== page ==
Greetings from the Land of Enchantment: Mourning Chivalry

Tuesday, October 09, 2007

Mourning Chivalry

So on my flight from Minneapolis back home to take care of my mom after her fall, I got really triggered. Toward the end of the flight, an elderly man was trying to return to his seat from the restroom. There was some pretty severe turbulance and I realized he wasn't going to make it. The stewards weren't doing anything--so I stepped out of my seat and called out to him to take mine.

I even struggled to get to his seat--so I know he wouldn't have made it. Later at baggage claim a few people came up and thanked me. One couple said that they had heard the flight attendents in the back laughing and saying, "I hope he falls." I was outraged. But then later, something in me broke. I began to sob and sob. I think in large part because my own parents health is failing and so I'm very sensitive to the frailty of elderly people. But in part, too, becasue of my own vulnerability. As much as I acknowledged and was grateful that I'm strong and capable and able to come to someone's aid, there was an equal and opposite part of me that mourned the fact that I had had to do it. No man had come to help. And I realized that I was mourning the fact that no man had come to help--and that perhaps no man would ever come to my aid.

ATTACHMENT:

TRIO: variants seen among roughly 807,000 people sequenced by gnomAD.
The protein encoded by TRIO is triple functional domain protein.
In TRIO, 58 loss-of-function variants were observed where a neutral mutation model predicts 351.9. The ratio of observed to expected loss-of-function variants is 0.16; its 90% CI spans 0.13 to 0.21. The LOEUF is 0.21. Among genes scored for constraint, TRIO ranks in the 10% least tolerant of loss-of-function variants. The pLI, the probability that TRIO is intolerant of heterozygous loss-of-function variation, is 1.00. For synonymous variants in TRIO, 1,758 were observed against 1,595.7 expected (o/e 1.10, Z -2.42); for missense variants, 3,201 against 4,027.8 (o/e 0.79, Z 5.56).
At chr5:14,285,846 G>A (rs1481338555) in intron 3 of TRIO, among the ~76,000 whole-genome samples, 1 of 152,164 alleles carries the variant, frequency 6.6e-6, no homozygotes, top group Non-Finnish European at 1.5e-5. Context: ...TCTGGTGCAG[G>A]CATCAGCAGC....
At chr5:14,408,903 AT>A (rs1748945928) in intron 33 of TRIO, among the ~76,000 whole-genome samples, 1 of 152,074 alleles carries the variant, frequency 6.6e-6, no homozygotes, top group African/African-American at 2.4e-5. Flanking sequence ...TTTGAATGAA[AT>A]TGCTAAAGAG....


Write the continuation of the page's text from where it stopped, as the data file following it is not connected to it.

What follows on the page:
Now, I am a strong, independent woman and in many ways, I've never allowed anyone to help me. So, I am culpable for my own 'aloneness' but still a part of me was tremendously shook. Shook by the casual cruelty of the stewards/flight attendents. Shook by my own parents frailty and my own sensitivity. Shook by my grief in longing for a world in which men would be like my father--courageous, kind, compassionate, leaders. A world where a woman like me wouldn't have to be the only one to reach out her hand to help.

Since then, I've recognized that chivalry isn't dead (in fact, the previous post was only possible because of the generosity, time and skill of a friend of mine, who is also a man--a chivalrous man); but that people are instead afraid. Men are afraid of women; women are afraid of men. People are afraid to reach out, even though they long to.

This trip taught me that reaching out is the only way I can reach myself within. Connecting is the only way I can connect to the one.

May we never be afraid
to lend a helping hand

May the seeds of ill will
and fear burn in the furnace
of love and compassion

May kindness rule the day

May women be women
and may men be men
and may we learn to bridge
the difference with
love

5 Comments:

At 3:52 PM, Blogger Japa K. Khalsa DOM said...

You are so great. We missed you today at the meditation. Nice that you helped this man on GRD's birthday. Sending prayer to you and your family
xoox
Japa

 
At 5:03 AM, Blogger Dev said...

This comment has been removed by the author.

 
At 6:50 AM, Blogger Dev said...

You are such a beautiful spirit. Thank you for this story.
May Your story bless everyone involved.

After experiencing a similar situation with helping an elderly woman (that did not speak English), I understand. The mutual gratitude that radiated from both of us did not need words.

Thank you for being so real and open. Blessings.

 
At 8:28 AM, Blogger Sat Purkh Kaur Khalsa said...

Thank you for your comments Dev. . .and for being a helping hand. many blessings, spkk

 
At 8:27 AM, Blogger Nihalism said...

Parents teach kids in so many ways, its touching to see them aging n frail...

 

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